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Sustainable City Lesson from Europe 1: bees, birds and biodiversity

27 May 2024

Over the next couple of weeks, I want to share some of what I have learnt from my sustainable city study tour in Europe, starting with urban greening.

Our Climate Positive Perth report has a whole section on urban greening, but it largely deals with keeping large trees and growing tree canopy.

Copenhagen takes urban greening to the next level. Danish urban planning is witnessing a shift that goes beyond “people-centric” city to one which is also “life-centric”, and includes bringing biodiversity back into the city in a range of inspiring ways.

The example I want to share is the green link which runs more than a kilometre from Bymilen near Copenhagen Central Station all the way past the iconic BIG designed “Cactus” buildings is deeply inspiring.

This is what you can do when a city is carefully and thoughtfully planned to incorporate walking, nature and liveability into the city design. The 20 minute or 1 kilometre walk which is often two or three floors above the ground level takes you through a range of ecosystems from forests to grasslands.

Walking on the roof of the IKEA building was a particular highlight. The rooftop includes a local produce-focused restaurant and shared work and community spaces and an epic amount of greenery.  I was almost brought to tears seeing the effort that had gone into not only greening the space but actively introducing biodiversity with bee and lizard hotels and other efforts to rewild.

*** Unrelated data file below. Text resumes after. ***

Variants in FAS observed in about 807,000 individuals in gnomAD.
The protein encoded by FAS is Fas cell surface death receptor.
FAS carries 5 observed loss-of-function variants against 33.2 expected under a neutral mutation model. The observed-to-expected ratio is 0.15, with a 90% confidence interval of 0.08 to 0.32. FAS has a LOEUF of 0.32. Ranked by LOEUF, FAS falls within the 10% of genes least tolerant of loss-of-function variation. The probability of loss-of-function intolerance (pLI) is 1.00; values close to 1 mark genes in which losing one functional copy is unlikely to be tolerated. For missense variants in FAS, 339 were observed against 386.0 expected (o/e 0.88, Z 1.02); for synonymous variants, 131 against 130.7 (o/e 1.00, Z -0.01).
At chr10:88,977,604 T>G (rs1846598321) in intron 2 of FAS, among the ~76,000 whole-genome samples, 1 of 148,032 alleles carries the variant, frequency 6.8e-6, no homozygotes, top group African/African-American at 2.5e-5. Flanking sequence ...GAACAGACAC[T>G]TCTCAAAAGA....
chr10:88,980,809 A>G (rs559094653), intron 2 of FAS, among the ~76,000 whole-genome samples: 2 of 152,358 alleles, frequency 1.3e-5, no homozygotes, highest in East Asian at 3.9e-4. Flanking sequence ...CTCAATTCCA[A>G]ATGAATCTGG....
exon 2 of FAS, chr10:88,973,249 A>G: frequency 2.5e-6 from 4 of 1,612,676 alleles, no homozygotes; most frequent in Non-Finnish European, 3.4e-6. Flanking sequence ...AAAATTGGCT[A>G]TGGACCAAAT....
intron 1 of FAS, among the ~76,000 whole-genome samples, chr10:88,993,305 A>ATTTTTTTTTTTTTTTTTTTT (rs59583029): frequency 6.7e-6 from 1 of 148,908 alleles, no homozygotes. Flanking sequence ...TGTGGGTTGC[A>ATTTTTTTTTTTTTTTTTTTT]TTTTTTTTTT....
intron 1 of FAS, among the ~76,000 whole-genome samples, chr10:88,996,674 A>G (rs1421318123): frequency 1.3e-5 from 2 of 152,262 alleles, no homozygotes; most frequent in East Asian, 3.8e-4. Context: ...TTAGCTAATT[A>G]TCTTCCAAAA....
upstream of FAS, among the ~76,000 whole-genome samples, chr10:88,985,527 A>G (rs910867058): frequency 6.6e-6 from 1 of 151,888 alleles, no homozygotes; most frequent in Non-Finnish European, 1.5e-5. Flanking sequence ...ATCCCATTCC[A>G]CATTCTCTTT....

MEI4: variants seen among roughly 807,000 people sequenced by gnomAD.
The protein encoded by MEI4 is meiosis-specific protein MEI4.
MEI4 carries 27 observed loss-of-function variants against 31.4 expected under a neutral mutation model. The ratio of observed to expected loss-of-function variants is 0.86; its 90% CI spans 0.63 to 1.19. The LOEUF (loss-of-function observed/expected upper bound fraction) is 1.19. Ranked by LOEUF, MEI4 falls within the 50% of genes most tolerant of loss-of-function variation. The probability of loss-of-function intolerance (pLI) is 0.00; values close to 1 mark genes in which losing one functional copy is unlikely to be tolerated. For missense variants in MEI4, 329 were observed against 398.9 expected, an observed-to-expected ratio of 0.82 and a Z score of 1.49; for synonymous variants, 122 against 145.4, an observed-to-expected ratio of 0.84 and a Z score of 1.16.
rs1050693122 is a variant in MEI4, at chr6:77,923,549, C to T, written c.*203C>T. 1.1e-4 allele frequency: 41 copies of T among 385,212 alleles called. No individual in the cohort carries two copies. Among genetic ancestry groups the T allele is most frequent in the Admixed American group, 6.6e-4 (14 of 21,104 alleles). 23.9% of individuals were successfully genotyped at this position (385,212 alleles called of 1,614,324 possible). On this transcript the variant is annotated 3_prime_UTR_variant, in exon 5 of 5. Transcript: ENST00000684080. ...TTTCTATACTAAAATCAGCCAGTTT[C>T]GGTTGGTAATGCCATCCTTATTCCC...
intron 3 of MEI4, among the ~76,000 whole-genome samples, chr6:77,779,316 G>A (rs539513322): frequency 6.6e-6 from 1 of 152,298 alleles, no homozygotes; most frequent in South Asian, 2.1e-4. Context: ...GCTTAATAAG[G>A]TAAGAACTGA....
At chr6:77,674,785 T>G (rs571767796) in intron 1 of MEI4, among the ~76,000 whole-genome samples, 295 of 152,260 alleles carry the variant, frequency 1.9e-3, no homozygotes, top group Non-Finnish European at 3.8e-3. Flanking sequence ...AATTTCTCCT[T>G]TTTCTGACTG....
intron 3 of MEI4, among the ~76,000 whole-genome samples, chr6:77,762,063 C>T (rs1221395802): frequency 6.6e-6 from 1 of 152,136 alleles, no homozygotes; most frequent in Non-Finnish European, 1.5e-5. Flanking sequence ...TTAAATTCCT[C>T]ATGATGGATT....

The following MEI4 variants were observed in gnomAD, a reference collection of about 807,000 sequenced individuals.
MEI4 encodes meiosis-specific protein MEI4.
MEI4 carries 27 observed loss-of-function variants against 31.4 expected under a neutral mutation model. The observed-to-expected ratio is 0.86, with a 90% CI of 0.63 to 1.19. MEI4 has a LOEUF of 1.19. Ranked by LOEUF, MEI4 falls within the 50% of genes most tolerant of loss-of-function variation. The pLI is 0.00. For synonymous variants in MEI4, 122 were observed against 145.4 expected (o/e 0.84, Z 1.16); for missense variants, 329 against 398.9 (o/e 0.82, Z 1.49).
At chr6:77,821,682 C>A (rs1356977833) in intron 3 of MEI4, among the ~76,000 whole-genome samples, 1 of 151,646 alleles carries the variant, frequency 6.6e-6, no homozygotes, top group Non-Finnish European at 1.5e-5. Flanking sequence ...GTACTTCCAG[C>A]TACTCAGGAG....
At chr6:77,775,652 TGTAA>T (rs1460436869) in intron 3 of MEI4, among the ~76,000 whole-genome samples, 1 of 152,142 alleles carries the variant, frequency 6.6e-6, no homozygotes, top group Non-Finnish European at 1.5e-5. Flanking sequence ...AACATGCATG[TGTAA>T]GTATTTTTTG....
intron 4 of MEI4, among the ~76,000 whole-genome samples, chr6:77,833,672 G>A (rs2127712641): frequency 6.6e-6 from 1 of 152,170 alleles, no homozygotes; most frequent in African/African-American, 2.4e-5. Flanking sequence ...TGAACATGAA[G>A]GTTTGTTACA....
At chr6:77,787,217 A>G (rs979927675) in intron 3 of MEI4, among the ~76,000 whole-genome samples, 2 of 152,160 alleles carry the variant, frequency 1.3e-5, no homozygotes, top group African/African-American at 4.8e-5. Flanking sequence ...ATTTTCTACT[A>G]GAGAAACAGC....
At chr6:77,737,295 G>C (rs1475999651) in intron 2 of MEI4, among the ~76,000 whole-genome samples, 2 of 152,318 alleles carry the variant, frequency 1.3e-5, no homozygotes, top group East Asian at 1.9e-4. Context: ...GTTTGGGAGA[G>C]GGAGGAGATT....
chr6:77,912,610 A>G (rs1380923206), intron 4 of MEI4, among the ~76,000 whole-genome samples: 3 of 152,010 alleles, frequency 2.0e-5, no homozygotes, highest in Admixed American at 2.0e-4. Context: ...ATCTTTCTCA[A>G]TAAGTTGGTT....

All across Copenhagen you can see examples of this rewilding, from the iconic Copenhagen Hill to your average local park. You can see the planting of local grasses and plants that provide food and habitat to bees and birds, and leaving them to grow unmowed and even a little untidy to provide essential habitat. This is both simple and deeply radical – but so essential as our cities deal not only with the climate crisis but also with the biodiversity crisis.

Copenhagen shows us in so many ways and so many levels what a green, sustainable, biodiverse, and liveable city can look like. Being amongst this was so inspiring. You can see what is not only possible but is already being done.

It is a theme picked up by the other cities I visited from Malmo to Utrecht  – rewilding of our cities is an idea whose time has come.


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